The beach is associated with a small but very cosmopolitan resort, where a paved avenue runs along the seafront, offering visitors a variety of sun-filled outdoor cafés and restaurants, as well as some street entertainment. Bordered by large palm-trees, this avenue leads in the west to the walls of the fortress originally built to protect the church from attacks by the Moors.
On the beach, at the foot of the wall, is an extensive rocky platform of warm colours, sculpted by the sea and displaying marine fossils and some of the typical life of intertidal environments: sea anemones, buckshot barnacles, limpets and top shells, wrapped in a carpet of green seaweed. On these ochre-coloured rocks and out of reach of the tides grow typical cliff plants, such as sea lavender.
The cliff rises up to the east, becoming grey in colour and with many crevices that have been formed by the effects of trickling water. Standing out against this landscape of whitened cliffs carved out of limestone and marlstone is a notable rock formation: the socalled Rocha Negra (black rock), a volcanic seam originating in the Serra de Monchique that has reached all the way to the sea. This bay of calm water is particularly suited to water sports: windsurfing, kitesurfing, sailing and diving, and there is a variety of support facilities available for the use of holidaymakers.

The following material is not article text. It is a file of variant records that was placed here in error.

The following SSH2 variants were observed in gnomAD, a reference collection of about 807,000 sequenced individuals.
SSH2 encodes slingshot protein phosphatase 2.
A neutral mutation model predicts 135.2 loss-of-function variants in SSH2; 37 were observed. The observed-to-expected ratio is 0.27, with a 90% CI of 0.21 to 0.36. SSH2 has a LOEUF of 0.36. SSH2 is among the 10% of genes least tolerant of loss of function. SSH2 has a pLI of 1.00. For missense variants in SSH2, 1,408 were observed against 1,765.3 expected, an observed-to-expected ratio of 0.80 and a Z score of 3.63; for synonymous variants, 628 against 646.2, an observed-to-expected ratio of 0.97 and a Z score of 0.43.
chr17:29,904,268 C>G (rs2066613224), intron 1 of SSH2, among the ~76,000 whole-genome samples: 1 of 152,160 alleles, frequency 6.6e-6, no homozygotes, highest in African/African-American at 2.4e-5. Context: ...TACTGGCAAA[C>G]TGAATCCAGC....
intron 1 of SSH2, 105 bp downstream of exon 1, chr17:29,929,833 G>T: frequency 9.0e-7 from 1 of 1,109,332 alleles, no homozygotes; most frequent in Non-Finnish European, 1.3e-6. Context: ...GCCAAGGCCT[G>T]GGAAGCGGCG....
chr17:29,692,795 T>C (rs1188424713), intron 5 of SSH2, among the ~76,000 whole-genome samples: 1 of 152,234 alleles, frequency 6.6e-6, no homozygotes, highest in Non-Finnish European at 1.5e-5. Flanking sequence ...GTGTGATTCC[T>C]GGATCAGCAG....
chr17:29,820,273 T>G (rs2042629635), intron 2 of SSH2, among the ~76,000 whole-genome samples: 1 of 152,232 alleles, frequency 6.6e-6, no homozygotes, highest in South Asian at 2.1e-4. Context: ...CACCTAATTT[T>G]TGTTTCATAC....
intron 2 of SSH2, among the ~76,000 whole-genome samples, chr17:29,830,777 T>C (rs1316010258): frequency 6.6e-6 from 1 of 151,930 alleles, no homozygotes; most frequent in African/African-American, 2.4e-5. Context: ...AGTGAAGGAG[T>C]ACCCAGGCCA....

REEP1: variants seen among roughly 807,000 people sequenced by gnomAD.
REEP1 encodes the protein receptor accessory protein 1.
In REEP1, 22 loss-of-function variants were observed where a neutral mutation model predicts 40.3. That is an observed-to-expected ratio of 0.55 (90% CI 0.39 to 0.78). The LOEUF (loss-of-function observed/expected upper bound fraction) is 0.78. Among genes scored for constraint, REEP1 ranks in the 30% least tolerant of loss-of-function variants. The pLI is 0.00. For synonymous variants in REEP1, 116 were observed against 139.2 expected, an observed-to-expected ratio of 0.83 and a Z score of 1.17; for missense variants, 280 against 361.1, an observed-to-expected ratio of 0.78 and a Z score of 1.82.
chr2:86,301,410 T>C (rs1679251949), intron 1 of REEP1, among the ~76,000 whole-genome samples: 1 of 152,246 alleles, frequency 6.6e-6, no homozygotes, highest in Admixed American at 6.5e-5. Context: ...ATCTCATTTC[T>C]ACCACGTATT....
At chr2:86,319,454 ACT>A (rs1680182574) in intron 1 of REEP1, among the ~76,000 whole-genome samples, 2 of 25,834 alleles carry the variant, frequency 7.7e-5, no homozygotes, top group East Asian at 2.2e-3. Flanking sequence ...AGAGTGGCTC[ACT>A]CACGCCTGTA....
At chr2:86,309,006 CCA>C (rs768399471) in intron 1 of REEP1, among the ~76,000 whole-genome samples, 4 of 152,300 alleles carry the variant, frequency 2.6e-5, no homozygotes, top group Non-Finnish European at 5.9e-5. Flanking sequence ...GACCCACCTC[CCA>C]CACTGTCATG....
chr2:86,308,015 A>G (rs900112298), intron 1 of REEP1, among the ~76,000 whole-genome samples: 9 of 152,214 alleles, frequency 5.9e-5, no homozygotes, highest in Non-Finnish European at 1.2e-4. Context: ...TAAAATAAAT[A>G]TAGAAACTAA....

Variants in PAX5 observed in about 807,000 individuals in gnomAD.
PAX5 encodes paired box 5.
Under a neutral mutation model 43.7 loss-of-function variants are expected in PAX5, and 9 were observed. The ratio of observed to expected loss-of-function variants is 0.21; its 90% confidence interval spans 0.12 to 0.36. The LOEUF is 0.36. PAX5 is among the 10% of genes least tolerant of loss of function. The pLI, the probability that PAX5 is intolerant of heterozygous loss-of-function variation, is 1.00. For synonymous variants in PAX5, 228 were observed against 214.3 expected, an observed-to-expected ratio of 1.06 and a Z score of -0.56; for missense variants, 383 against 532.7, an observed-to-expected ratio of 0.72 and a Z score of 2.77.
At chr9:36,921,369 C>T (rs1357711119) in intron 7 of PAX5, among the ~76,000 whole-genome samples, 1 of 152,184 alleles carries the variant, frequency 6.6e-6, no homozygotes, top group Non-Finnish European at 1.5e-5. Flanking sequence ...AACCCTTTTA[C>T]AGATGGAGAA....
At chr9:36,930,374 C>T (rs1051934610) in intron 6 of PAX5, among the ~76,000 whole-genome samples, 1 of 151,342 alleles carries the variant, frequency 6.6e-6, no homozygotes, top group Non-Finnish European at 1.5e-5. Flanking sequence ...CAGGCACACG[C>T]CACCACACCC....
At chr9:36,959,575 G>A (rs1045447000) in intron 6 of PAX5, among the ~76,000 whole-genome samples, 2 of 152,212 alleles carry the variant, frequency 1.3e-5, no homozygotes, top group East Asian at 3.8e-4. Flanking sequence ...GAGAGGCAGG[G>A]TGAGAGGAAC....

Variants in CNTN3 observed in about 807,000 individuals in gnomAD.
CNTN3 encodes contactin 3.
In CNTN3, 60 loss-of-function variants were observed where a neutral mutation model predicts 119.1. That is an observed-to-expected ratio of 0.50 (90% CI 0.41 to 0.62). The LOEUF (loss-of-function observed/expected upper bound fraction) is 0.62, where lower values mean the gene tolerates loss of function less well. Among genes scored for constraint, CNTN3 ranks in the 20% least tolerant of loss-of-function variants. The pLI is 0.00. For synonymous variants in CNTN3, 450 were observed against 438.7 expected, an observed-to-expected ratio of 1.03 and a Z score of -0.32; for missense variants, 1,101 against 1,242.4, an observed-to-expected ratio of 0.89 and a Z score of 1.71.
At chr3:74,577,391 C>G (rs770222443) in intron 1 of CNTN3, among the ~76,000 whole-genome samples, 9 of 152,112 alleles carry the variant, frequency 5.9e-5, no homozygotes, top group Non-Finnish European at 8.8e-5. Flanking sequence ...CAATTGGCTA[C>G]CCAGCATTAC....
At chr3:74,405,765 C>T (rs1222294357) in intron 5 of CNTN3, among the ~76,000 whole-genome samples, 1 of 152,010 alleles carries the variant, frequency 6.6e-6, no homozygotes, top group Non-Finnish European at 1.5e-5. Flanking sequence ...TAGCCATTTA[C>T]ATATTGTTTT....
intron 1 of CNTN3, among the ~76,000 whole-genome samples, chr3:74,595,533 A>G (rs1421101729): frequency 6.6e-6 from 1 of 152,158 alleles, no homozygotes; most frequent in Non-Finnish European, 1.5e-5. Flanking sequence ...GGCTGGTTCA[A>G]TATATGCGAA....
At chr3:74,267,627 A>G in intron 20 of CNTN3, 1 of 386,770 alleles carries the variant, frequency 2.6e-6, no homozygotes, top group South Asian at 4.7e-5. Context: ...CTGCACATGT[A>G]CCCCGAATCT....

There is the possibility of stones falling from the cliffs, so that care should be taken when walking close to them at the eastern end of the beach. The beach can be reached on foot through the town of Luz (signposted on the EN125, roughly seven kilometres from Lagos). There is an organised parking area near the beach, which has various support facilities (restaurants and toilets) and is supervised during the bathing season. The beach is classified as an accessible beach. The beach faces south/south-east.